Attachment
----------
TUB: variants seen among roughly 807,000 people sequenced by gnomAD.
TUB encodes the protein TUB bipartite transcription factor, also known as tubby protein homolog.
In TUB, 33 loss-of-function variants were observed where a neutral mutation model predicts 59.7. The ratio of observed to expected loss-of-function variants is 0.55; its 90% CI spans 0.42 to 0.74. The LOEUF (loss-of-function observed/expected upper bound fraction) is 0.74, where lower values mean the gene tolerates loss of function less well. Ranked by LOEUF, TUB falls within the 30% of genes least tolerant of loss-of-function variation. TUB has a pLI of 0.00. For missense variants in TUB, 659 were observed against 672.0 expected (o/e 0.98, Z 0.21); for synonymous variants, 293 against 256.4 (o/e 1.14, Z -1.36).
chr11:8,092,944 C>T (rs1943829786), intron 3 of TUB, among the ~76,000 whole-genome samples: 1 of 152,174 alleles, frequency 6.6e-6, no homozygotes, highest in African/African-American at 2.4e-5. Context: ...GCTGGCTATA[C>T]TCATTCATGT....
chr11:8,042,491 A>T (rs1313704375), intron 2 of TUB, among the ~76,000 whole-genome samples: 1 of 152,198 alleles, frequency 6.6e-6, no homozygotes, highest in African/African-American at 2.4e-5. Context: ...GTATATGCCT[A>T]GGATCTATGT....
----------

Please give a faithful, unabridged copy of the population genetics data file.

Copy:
TUB: variants seen among roughly 807,000 people sequenced by gnomAD.
TUB encodes the protein TUB bipartite transcription factor, also known as tubby protein homolog.
In TUB, 33 loss-of-function variants were observed where a neutral mutation model predicts 59.7. The ratio of observed to expected loss-of-function variants is 0.55; its 90% CI spans 0.42 to 0.74. The LOEUF (loss-of-function observed/expected upper bound fraction) is 0.74, where lower values mean the gene tolerates loss of function less well. Ranked by LOEUF, TUB falls within the 30% of genes least tolerant of loss-of-function variation. TUB has a pLI of 0.00. For missense variants in TUB, 659 were observed against 672.0 expected (o/e 0.98, Z 0.21); for synonymous variants, 293 against 256.4 (o/e 1.14, Z -1.36).
chr11:8,092,944 C>T (rs1943829786), intron 3 of TUB, among the ~76,000 whole-genome samples: 1 of 152,174 alleles, frequency 6.6e-6, no homozygotes, highest in African/African-American at 2.4e-5. Context: ...GCTGGCTATA[C>T]TCATTCATGT....
chr11:8,042,491 A>T (rs1313704375), intron 2 of TUB, among the ~76,000 whole-genome samples: 1 of 152,198 alleles, frequency 6.6e-6, no homozygotes, highest in African/African-American at 2.4e-5. Context: ...GTATATGCCT[A>T]GGATCTATGT....